Jonathan Zimmerman: The Real March Madness: Duke, Uncle Tom, and Success as a "White" Value





[Jonathan Zimmerman teaches history and education at New York University. He is the author most recently of “Small Wonder: The Little Red Schoolhouse in History and Memory.”]

A few summers ago, I took my daughter and a few of her friends to see the rapper Lil Wayne in concert. He bounded onto the stage in a blaze of blinking lights, then served up the usual menu of songs about gangsters, hustlers, and pimps.

And the mostly white audience cheered.

Why? There were many reasons, I’m sure, but here’s the most troubling one: The images in the songs confirmed white listeners’ lowly view of black people. That put me into a deep funk, which continued long after the concert was over.

Now I’m in a funk again, thanks to remarks about Duke University basketball by Jalen Rose. In a new ESPN documentary about the so-called “Fab Five” hoops team at the University of Michigan in the early 1990s, Mr. Rose (a member of the Fab Five) says that he and the other African-Americans on the Michigan squad believed that Duke “only recruited black players who were Uncle Toms.”...

These are all good questions, but they ignore the role of the white community in this scenario. And that’s too bad, because Rose’s comments – like many rap songs – reinforce every anti-black prejudice in the white mind.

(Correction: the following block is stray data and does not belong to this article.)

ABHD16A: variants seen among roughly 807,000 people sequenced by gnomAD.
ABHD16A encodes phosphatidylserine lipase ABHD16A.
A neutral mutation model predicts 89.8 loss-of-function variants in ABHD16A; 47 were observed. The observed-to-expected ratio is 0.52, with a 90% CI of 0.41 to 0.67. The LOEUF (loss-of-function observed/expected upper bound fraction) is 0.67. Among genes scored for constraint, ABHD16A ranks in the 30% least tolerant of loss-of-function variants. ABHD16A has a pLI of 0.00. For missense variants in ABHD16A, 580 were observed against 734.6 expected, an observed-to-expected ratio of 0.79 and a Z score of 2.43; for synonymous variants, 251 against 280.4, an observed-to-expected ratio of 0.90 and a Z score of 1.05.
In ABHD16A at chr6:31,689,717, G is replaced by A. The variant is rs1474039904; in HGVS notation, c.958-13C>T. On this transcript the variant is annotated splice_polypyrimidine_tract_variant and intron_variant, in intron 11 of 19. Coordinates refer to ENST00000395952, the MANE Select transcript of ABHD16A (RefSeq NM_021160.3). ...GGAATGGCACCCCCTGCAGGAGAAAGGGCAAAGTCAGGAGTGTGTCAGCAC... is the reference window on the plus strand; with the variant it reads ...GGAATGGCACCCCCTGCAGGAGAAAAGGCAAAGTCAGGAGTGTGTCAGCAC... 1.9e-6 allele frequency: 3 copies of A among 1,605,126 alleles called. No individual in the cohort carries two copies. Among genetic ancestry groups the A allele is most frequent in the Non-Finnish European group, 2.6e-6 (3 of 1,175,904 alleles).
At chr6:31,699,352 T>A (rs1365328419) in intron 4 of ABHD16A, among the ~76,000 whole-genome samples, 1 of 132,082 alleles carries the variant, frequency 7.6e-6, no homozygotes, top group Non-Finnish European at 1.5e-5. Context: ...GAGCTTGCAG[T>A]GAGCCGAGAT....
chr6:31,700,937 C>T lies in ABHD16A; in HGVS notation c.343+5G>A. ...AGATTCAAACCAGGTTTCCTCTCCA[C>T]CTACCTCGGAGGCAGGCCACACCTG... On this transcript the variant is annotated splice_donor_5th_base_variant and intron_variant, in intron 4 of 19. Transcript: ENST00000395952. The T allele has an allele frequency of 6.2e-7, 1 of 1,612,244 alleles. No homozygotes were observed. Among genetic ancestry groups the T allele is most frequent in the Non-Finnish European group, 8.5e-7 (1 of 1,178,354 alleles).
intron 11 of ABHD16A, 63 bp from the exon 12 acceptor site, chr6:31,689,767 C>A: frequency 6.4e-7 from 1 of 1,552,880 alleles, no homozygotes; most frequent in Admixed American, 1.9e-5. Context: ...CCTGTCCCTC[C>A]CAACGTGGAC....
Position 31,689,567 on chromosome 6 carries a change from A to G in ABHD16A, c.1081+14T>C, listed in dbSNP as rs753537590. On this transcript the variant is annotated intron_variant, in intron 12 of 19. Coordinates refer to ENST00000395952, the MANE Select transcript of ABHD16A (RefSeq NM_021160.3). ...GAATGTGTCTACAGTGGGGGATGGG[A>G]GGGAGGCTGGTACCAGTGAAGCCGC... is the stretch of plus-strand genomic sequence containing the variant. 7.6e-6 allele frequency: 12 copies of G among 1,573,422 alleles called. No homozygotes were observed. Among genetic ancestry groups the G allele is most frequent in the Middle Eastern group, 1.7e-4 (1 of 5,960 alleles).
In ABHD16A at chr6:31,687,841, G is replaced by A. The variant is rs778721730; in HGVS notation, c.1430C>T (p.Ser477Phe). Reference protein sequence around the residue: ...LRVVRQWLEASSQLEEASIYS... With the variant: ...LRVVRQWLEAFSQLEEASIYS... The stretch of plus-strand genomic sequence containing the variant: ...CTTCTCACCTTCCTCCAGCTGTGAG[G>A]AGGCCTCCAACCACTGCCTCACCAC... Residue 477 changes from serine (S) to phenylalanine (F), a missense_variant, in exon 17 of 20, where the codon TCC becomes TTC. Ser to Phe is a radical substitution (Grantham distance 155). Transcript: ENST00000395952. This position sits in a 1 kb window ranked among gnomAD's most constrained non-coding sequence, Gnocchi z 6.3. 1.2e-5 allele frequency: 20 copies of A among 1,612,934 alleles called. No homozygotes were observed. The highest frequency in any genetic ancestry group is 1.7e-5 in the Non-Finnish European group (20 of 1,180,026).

If African-Americans with two-parent families and formal education are somehow sellouts or Uncle Toms, after all, that means “real” or authentic blacks are uneducated people who live in single-parent homes. If you were a white person who openly despised African-Americans, wouldn’t that be sweet music to your ears?...

...[A]s this sad episode has demonstrated, plenty of black people still think that an educated and successful African-American is just “acting white.” The “real” blacks are down in the “hood,” immersed in drugs and crime and irresponsible sex.

And, lest we forget, plenty of white people agree. You can see them at any rap concert, shucking and jiving to the most bigoted stereotypes in the American racial lexicon. Every time an African-American indulges in these images, a white person consciously – or unconsciously – applauds. And that might be the most upsetting image of all.


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